Said protagonist is Robinette β€” or Bob β€” Broadhead, who was born poor on an Earth that's slogging its way toward a whimper, rather than a bang. It's overpopulated, and a big chunk of the world's food comes from slimy bacteria grown on shale mined in less-than-ideal conditions. Jobs are hard to come by, and though medical technology has made some great strides, it's only available to the wealthiest people. Formerly a food miner, Bob is now one of those wealthy people, living in Manhattan (which is a controlled environment sealed under a big bubble).

He got rich by going to Gateway, a space station formerly inhabited by an ancient, mysterious alien race humans have dubbed the Heechee. Here is what we know about the Heechee: almost nothing. We've found a few of their artifacts and deciphered some of their technology, but we're not sure what they look like, what their culture was like, or what happened to them.

Gateway is a rock about ten kilometers wide at its longest point, honeycombed with tunnels and riddled on the outside with bumps and holes. The bumps are the hulls of Heechee ships. The holes are where Heechee ships used to be. Human scientists have figured out how to make the ships run β€” sort of. Other humans, usually poor ones, spend their life savings to become prospectors, and fly Heechee ships out of Gateway on preset courses to they-know-not-where, hoping to strike it rich finding traces of the alien civilization.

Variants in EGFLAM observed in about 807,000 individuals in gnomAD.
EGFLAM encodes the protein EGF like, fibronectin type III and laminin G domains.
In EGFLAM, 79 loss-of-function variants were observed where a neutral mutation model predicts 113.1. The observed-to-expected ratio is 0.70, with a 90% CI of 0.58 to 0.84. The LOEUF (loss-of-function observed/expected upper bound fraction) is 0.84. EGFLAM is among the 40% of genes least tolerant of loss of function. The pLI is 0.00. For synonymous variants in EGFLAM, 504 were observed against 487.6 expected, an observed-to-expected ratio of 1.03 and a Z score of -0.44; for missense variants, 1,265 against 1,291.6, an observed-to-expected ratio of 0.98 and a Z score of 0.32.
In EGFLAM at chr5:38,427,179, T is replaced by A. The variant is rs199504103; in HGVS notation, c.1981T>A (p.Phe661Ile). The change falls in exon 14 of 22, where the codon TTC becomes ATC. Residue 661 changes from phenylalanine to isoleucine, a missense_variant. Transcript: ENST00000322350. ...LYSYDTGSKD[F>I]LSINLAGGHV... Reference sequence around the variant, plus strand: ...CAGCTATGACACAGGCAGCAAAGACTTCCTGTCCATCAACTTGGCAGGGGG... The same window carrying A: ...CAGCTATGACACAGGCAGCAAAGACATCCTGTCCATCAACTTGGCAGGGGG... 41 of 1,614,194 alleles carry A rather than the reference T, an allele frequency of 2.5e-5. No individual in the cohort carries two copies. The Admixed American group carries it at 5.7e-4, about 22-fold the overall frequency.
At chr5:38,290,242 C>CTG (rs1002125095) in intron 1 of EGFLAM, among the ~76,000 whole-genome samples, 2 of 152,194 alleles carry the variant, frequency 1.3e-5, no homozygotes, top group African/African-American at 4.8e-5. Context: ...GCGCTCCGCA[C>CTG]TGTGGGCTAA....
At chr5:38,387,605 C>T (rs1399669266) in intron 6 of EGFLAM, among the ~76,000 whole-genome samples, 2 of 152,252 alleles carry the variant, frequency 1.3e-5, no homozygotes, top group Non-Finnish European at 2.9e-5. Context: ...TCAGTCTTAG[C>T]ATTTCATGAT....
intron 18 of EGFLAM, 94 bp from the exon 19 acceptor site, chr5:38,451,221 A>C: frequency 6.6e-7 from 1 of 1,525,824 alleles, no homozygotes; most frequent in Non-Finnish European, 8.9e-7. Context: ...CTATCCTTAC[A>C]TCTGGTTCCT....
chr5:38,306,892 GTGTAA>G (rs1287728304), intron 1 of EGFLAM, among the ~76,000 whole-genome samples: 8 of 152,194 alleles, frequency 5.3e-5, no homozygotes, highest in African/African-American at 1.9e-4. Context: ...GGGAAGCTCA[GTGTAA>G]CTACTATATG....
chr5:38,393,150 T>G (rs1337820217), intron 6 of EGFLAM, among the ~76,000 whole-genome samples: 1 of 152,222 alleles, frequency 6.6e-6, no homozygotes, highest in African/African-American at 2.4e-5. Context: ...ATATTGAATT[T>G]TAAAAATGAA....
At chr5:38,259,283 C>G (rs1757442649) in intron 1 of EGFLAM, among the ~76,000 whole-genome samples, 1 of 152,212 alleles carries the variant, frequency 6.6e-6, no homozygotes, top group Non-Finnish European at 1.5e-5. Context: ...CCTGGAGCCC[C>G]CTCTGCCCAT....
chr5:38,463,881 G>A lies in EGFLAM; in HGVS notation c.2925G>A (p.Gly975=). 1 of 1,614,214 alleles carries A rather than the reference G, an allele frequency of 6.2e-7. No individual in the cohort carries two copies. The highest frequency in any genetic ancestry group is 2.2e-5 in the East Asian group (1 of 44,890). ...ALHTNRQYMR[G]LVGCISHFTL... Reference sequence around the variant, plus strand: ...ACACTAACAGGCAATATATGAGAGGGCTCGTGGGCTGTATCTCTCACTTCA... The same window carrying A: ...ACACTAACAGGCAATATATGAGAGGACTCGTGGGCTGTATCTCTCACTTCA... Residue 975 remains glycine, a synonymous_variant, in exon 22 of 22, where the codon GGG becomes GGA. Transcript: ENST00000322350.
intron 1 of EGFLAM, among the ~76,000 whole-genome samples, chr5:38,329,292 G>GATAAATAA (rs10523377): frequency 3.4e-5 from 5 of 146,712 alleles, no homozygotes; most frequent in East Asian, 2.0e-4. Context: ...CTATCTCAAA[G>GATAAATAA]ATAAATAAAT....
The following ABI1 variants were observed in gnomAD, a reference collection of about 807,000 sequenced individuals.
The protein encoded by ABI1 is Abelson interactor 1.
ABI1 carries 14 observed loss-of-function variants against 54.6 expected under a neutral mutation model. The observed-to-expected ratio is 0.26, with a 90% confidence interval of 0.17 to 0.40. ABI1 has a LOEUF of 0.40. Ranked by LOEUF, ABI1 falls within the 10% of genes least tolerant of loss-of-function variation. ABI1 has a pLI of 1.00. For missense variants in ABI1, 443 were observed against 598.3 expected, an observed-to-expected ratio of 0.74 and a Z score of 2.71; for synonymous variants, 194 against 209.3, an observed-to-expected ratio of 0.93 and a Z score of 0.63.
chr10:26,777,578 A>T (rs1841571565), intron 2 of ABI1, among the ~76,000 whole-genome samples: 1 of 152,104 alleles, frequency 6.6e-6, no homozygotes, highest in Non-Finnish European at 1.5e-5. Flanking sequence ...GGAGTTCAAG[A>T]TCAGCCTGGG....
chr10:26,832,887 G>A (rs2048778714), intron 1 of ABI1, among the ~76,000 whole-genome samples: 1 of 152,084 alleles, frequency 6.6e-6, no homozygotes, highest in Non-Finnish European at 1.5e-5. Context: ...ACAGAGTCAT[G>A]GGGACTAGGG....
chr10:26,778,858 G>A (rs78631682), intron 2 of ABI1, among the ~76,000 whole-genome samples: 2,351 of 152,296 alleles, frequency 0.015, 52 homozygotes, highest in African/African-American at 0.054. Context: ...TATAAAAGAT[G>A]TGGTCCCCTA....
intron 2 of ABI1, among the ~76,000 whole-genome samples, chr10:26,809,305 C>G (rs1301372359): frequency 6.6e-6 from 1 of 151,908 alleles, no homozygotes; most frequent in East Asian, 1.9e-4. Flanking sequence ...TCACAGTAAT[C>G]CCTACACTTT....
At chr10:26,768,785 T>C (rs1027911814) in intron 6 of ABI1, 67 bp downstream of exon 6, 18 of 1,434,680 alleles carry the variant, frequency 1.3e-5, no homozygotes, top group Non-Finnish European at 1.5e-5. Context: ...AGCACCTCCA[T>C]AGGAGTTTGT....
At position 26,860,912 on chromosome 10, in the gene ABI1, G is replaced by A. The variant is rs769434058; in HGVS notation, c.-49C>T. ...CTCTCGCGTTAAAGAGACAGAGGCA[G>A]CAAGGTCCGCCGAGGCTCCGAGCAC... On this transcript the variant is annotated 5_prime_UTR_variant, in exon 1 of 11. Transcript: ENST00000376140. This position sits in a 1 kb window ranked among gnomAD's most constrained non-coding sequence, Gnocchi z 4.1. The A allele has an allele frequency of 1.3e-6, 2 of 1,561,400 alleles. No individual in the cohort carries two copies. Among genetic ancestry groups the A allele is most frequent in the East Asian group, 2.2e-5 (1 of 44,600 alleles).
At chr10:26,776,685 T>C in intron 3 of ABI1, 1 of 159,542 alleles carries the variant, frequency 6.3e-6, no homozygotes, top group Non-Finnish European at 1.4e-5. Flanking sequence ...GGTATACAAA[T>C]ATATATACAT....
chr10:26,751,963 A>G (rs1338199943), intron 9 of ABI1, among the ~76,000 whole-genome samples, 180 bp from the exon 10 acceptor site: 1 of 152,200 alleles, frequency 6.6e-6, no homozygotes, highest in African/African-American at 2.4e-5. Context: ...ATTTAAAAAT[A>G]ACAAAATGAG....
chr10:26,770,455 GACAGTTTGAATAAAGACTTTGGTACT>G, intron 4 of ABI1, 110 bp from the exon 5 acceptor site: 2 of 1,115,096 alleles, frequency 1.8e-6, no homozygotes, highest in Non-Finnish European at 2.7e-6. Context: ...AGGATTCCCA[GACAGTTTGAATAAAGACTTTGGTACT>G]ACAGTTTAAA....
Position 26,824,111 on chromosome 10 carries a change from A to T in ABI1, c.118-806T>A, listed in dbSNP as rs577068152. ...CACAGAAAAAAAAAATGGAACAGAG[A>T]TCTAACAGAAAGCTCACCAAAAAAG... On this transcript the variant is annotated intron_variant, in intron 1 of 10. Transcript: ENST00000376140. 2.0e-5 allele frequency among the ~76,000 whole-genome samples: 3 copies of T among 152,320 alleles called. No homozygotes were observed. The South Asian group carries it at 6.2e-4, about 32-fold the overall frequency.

About a third of the ships come back. And the people inside aren't always alive when they do.

That's as best I can convey what makes Gateway such a dreadful book. Human beings clamber into small spacecraft that passeth understanding β€” there are parts of the control panel, particularly a golden coil, that bewilder everyone who tries to determine their function β€” and shoot off into the void at faster-than-light speeds, not knowing what their destination is, how long it'll take to get there, whether their food will last the whole trip, and if they're going to a habitable planet or if they'll end up burning alive inside the corona of a star.


They just know their chances are less than one in three. And they pay big money for the opportunity β€” Bob wins the lottery on Earth, and spends his winnings to get to Gateway β€” because things are bad enough back home to make it worth the risk.